No, I’m not talking about the fact that we both are hired help who are paid to get people from where they are to where they want to be. Neither am I talking about the fact that all taxis look the same and the public cannot tell them from one another or from other types of transport. I’m not even talking about the fact that we both have massive unused capacity and free time but refuse to alter our business model or pricing to take advantage of that. Orthodontists are most like taxi drivers in our shared arrogance, entitlement, self-righteousness, hypocrisy and stubbornness. Allow me to explain.

When Uber burst upon the scene a few years ago no one really paid it any mind. In fact Uber went unnoticed by most of the population for an incredibly long time. I stumbled across the ride-share service relatively early on one cold night in Chicago after attending a dinner at the Mid-Winter dental meeting. It was snowing and there were NO CABS to be had but somehow cars kept showing up, as if by magic, to pick up others leaving the event. Finally I grasped a shocked gentleman getting in one of these cars by the arm and asked him “What’s going on here? How did you get a car?”

“Uber” he said while pulling away to get out of the cold damp.

“Uber?” I asked not quite sure I’d heard correctly. 

“Uber” he repeated and slammed the door. 

Well I spent quite some time pondering what “Uber” could mean while waiting hours to finally get a ride but the next day I figured out what was going on and how to sign up. I’ve been an avid Uber rider ever since. Anyone who’s ever tried Uber with an open mind will almost always choose Uber when presented a choice and a level playing field. 

So what? What does this have to do with orthodontists I can hear you asking. Everything. 

A year or two after this experience, people became widely aware of Uber and there was a huge backlash from taxi drivers trying to protect their livelihood and also from those who benefited from the status quo. Taxi drivers were honestly convinced that Uber was a bad thing, that Uber was unprofessional, unsafe, untested and a danger to the public. Taxi drivers scoured the news and internet for unhappy Uber customers or examples of freak occurrences when someone using or driving for Uber had a major problem and used they these rarities to confirm their belief that Uber was bad and unfairly stealing their customers. Taxi drivers never once stoped to ask why a startup could gain critical mass unnoticed and solely via word of mouth. Taxi drivers never considered that Uber might be filling a need that taxis did not. And taxi drivers damn sure never considered the possibility that they were being out competed by Uber because taxis generally suck.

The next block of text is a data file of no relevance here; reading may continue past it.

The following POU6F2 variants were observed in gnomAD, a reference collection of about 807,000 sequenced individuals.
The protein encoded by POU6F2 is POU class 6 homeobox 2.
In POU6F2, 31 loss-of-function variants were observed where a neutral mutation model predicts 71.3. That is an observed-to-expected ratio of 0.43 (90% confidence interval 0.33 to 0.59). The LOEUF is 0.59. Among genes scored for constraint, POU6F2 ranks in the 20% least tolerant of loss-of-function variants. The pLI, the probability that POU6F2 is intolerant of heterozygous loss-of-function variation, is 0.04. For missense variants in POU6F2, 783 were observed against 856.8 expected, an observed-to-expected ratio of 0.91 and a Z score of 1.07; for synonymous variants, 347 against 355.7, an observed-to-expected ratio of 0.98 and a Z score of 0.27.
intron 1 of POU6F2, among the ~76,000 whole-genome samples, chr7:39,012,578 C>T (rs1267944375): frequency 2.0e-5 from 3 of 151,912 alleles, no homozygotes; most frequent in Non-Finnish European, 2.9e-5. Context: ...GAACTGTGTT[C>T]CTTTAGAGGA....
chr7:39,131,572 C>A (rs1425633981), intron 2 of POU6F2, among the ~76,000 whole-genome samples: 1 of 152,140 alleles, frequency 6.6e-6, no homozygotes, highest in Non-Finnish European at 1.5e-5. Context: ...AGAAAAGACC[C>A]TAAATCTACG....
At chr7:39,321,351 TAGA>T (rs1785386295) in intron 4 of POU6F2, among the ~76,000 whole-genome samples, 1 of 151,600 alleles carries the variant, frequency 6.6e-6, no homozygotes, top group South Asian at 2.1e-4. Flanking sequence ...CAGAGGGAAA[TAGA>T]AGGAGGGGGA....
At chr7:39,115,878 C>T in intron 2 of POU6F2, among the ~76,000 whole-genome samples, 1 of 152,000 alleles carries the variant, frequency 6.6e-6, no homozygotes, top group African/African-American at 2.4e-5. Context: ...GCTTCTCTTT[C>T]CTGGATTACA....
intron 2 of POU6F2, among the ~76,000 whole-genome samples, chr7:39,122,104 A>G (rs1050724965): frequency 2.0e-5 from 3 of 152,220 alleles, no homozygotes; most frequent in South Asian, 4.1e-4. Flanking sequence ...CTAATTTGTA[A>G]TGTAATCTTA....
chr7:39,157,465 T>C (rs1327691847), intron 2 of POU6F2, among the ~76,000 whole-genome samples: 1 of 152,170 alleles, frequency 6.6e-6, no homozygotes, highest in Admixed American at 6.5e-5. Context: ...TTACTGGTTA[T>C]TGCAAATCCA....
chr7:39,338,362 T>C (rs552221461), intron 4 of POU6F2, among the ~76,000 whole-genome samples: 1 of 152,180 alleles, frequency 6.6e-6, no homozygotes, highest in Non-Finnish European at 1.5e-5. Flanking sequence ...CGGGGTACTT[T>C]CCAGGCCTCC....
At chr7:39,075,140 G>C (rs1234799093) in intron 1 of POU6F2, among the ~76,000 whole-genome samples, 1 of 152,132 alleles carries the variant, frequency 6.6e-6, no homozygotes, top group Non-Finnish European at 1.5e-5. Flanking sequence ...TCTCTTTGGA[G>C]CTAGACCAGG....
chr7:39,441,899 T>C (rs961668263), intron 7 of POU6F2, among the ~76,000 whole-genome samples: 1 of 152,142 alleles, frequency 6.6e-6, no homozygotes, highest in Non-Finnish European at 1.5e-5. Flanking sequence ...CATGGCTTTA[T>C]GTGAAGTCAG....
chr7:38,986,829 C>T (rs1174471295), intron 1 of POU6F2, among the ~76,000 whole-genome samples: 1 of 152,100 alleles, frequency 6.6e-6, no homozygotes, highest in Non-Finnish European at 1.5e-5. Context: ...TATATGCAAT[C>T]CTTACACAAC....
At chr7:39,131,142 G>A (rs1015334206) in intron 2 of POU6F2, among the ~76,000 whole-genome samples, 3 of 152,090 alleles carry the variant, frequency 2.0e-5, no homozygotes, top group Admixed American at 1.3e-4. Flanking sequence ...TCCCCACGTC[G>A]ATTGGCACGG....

I travel a fair amount and it seems that taxis are the same the world over – unsafe drivers who look at customers as an inconvenience while trying to run a trip without starting the meter and taking you the long way so they can maximize the cash in their pocket while scaring the hell out of you by driving their cab like they stole it just moments before. Then then taxi drivers deny that their credit card machine works and once you force the issue, they want to charge extra for using a credit card while intentionally taking forever because they are mad that you, the customer, aren’t paying them in the manner they prefer. I won’t belabor the lack of cleanliness or timeliness, the smelliness or other issues that taxis regularly display. I only bring up the common problems that plague taxi cabs to point out why Uber might be attractive and to suggest that if taxis focused more on doing what they do better they might not lose as many customers to Uber. 

When getting out competed it makes sense for one to look at how to improve, right? Hell no! We human beings are not so silly as to follow logic – and so taxi drivers set out to harass, intimate and even brutalize those drivers who dared to sign up with Uber. Next taxi drivers went to government agencies and convinced some to write tickets, arrest and sue Uber and their drivers even though doing so was anti-competitive and bad for consumers. It’s interesting to think how they made this occur and curious until you remember that taxi drivers have traditionally paid municipalities big bucks in fees and taxes…